Professor Joseph Tainter is one person who has written a lot about this in recent years – Tainter’s theory has been described in a nutshell as “civilizational overshoot”. I.e. over-shooting in terms of resource usage, social order and stability requirements, and reliance upon never-ending science and technology achievements (which are ultimately random, not predictable) – i.e., we overshot the sustainable zone. How does “overshoot” relate to climate change, which has been cited in many studies as a primary source for civilizational collapse in the past? Some academics see the two as distinct phenomenon, but many are now realizing that both go hand in hand – overshoot and climate change together make the perfect storm.

A small but interesting example of modern systemic frailty and overshoot involves the banana. Bananas are an unsung triumph of modern commercial farming and international commerce. They are cheap, popular, and widely available throughout the developed world. But bananas involve a complex supply chain reaching back to farms and banana trees in the tropics. There are many different types of bananas in the natural world, but our supermarkets are stocked with one main variety, the Cavendish banana.

For over 50 years, the Cavendish has been the perfect banana as far as the produce industry is concerned. It is (or was) a hardly plant species that grew well and resisted pests, it can be picked transported with little damage, it doesn’t go rotten during transit and distribution, and is pleasing to northern consumers. Unfortunately, a fungus has finally evolved that will probably cause the Cavendish to become extinct. This fungus has ravaged Cavendish trees, first in Asia and Australia, next in Africa, and now in South America, where most commercial bananas are grown.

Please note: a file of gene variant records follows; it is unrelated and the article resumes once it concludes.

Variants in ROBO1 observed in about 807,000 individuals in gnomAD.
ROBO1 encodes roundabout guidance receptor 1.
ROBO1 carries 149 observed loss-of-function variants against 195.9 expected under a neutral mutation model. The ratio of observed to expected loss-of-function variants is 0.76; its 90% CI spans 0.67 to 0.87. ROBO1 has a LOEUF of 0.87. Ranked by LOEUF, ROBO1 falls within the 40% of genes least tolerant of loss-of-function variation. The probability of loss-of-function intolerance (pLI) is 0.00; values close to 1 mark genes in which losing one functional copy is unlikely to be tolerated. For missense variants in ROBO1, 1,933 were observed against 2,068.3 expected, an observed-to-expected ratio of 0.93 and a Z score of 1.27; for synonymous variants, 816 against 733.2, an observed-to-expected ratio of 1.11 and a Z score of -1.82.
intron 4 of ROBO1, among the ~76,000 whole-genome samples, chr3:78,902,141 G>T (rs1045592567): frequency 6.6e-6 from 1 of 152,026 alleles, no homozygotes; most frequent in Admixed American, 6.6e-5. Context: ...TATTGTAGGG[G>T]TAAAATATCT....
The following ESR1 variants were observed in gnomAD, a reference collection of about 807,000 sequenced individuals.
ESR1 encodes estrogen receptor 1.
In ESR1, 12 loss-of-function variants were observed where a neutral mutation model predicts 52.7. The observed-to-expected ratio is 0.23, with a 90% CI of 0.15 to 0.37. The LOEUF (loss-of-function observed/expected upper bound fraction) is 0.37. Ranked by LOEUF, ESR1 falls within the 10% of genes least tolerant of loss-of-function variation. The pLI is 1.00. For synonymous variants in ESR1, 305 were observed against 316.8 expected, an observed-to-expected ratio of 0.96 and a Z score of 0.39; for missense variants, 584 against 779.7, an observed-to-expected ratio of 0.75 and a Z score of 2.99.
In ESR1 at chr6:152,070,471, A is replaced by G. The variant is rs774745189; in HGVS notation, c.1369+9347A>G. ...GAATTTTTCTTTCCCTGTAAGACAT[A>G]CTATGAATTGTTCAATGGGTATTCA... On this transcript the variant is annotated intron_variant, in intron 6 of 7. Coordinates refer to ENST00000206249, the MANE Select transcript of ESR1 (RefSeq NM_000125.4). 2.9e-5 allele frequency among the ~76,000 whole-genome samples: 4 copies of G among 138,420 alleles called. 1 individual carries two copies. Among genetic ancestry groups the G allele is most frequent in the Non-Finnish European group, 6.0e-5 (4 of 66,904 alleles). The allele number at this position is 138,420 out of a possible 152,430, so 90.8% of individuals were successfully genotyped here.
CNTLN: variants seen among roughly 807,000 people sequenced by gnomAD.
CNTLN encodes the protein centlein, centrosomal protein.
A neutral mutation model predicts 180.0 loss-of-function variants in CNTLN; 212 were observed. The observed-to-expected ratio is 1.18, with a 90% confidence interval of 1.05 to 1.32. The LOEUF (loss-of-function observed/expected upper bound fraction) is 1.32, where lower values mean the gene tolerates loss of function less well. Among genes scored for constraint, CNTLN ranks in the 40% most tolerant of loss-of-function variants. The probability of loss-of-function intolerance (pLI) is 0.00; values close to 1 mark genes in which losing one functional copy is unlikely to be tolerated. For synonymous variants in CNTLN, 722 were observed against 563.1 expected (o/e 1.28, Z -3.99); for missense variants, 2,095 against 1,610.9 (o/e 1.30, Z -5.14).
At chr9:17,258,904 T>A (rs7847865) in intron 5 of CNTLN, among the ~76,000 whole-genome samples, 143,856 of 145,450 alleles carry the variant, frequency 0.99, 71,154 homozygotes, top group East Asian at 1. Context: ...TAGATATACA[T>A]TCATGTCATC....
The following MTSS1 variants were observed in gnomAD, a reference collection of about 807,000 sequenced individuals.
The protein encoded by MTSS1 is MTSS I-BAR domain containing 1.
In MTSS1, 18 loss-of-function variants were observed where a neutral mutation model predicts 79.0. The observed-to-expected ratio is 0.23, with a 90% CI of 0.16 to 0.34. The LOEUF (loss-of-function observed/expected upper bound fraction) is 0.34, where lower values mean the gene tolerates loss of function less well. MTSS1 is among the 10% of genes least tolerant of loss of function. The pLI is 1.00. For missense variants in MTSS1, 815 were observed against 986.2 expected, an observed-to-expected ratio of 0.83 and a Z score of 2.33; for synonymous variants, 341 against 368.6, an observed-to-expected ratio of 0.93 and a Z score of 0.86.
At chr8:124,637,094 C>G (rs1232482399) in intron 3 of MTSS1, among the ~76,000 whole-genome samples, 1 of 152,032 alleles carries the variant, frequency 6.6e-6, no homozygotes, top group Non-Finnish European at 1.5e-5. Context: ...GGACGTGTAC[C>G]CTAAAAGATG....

Unfortunately, the banana industry became completely reliant on one species, and thus there aren’t any other banana species that can take the place of the Cavendish. The unsustainable frailty and “overshoot” of an efficient mono-cultural bio-system has finally been exposed by nature.

Can commercial technology now save itself from its own mistakes, is there something that can save us from empty banana trays (or $2.99 per pound signs in the produce section for the Blue Java banana, which supposedly tastes like ice cream)? A group of biotechnology scientists from Australia have reportedly genetically engineered a Cavendish that can resist the killer fungus. Tests are now underway to see if the GMO Cavendish can do everything the old Cavendish could do. But even if it can, will American and European consumers overcome their fear of “frankenfood” and learn to live with genetic engineering?